George Washington Papers
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To George Washington from Brigadier General James Clinton, 29 April 1779

From Brigadier General James Clinton

Albany April 29th 1779


I am just returned from an Excursion up the Mohawk River, in consequence of an Alarm given by a Body of Indians, who made their Appearance, and attacked several parts of that Country at the same time tho’ without doing any considerable Damage. I have erected a small Bloock house about 10 Miles from Johnstown on the Fork of the Roads leading to May-Field and Sochondoga.1 On my return I was favoured with your Excellency’s Letter of the 19th Instant.

With respect to the Arrangements of the New York line, I woud beg leave to inform your Excellency, that when the Committee of Arrangement sat at the White Plains,2 some of the Officers were returned agreeable to the dates of the Comissions they now hold, others were returned agreeable to the dates of the Commissions they held next prior to them; while a third Class were returned agreeable to the dates of the Commissions they first held of the same rank they now hold, If they shoud be returned agreeable to the last mentioned method, many of the Officers have not yet had Justice done them, in the Present return.

Those Officers who were omitted in the return made to the Committee, were those who stood perticularly recommended, continued in constant Service, and were since admitted in Consequence of Vacancies in there respective Regiments.

As Colonel Duboys hath been absent all winter occasioned by a fall from his Horse, I undertook to return his Regiment agreeable to the State Arrangement in every particular; I therefore cannot account for any incongruities which appear in it, untill he joins his Corps, which I expect will be in few days.

I have consulted Genl Schuyler on the main Subject of your Excellency’s Letter, and shall take every necessary Step to have your Orders put in immediate Execution.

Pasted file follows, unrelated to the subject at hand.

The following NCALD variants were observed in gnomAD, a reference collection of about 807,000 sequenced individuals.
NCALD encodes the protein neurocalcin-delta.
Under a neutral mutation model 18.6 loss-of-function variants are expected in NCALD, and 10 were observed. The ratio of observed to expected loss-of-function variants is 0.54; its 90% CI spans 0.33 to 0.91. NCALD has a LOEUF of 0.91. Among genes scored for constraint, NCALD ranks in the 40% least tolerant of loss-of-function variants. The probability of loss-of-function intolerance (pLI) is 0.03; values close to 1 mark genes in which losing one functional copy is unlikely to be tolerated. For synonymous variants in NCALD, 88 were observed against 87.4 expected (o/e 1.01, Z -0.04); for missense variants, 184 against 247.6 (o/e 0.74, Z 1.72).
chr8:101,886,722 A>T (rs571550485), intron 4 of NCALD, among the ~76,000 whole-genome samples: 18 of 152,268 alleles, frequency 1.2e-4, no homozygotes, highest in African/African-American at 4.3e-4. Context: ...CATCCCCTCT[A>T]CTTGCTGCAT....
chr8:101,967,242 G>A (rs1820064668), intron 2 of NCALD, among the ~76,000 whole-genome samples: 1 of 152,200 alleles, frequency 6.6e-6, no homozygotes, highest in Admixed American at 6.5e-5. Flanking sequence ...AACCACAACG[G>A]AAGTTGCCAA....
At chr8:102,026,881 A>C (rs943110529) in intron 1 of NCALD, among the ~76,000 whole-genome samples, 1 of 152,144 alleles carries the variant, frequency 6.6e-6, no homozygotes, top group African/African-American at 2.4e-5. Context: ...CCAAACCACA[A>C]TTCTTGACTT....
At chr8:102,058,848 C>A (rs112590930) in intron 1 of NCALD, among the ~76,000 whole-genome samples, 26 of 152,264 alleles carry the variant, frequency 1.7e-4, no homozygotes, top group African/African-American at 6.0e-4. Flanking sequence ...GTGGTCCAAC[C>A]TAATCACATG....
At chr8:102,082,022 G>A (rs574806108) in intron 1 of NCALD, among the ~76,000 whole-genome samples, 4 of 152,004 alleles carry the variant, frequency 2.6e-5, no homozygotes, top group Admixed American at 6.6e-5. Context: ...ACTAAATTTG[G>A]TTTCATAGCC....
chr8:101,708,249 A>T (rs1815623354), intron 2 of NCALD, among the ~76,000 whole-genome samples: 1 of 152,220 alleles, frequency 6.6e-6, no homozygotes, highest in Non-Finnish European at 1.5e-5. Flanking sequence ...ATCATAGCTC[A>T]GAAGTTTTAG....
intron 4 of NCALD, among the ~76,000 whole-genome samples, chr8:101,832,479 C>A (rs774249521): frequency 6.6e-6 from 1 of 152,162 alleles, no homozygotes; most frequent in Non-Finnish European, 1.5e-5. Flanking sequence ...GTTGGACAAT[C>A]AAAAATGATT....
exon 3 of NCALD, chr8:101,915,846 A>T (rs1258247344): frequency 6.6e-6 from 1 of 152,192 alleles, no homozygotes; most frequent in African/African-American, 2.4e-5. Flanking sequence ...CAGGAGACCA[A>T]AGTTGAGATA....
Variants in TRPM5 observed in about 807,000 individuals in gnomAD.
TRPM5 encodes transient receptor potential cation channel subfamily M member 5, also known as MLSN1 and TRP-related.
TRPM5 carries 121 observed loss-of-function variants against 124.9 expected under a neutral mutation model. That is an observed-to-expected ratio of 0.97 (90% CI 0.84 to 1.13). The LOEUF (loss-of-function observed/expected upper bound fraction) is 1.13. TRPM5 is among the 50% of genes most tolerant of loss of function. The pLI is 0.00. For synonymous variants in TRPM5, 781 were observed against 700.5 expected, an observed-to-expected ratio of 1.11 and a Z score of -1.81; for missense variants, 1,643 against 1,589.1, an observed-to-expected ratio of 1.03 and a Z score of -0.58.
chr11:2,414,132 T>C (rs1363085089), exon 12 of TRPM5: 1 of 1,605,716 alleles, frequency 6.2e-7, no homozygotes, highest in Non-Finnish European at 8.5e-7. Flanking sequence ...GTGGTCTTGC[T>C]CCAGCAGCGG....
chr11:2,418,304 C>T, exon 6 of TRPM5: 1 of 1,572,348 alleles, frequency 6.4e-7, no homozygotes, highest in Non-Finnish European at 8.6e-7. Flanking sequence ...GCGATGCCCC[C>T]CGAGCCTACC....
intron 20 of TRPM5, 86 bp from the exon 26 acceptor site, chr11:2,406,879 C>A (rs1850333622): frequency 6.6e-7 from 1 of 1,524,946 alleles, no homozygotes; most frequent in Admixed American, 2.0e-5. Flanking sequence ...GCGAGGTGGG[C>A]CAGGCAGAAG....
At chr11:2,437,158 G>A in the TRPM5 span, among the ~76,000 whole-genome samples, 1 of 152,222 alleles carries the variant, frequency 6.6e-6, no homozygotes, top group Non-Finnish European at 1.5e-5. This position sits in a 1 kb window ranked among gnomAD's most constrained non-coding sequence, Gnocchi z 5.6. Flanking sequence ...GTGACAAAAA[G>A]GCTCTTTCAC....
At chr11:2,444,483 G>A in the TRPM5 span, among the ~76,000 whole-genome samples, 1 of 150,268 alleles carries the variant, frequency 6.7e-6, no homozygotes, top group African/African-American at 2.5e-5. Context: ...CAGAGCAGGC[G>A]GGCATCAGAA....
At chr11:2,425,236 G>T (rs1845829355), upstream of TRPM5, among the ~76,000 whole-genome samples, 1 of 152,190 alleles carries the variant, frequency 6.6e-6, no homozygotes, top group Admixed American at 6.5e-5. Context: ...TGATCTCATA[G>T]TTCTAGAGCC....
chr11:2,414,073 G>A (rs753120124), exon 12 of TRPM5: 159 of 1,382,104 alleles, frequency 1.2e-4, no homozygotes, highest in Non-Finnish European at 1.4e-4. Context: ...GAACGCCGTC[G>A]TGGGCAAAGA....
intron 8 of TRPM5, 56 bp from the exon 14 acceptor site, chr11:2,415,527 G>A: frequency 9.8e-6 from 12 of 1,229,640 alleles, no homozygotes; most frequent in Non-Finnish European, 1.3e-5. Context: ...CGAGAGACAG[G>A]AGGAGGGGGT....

I conceive the Artillery and Rifle Corps will march with the Troops tho’ they are not mentioned in your Excellency’s Letter.

Returns of the light Cloathing &c. that will be wanted in this Department shall be transmitted to Head Quarters, as soon as I can obtain those from the different Corps.

Lt Col. Willet and Major Cochran, who accompanied Col. V. Schaick in the Expedition against Onondoga, arrived here last night, they expect the Prisoners in town this day, whom I propose to send down to Poughkeepsie. The manner in which this Enterprize hath been conducted, and the strict Attention paid to the Orders, reflect the highest honor on the Gentlemen intrusted with the Command—I have transmitted your Excellency the Perticulars, as Genl Schuyler hath informed me that he did it in my Absence—I flatter myself Congress will be made acquainted with the Affair thro your Excellency.3 I am with the most perfect Esteem Your Excellency’s most obedient & very humble Servant

James Clinton B. Genl

ALS, DLC:GW; copy (incomplete), NN.

1For a more detailed account of Clinton’s expedition and the construction of the blockhouse, see Hastings and Holden, Clinton Papers description begins Hugh Hastings and J. A. Holden, eds. Public Papers of George Clinton, First Governor of New York, 1777–1795, 1801–1804. 10 vols. 1899–1914. Reprint. New York, 1973. description ends , 4:770–72.

2For the report of the Committee of Arrangement at White Plains, N.Y., see General Orders, 9 Sept. 1778.

3For an account of this expedition, see Philip Schuyler to GW, 27 April, n.1.

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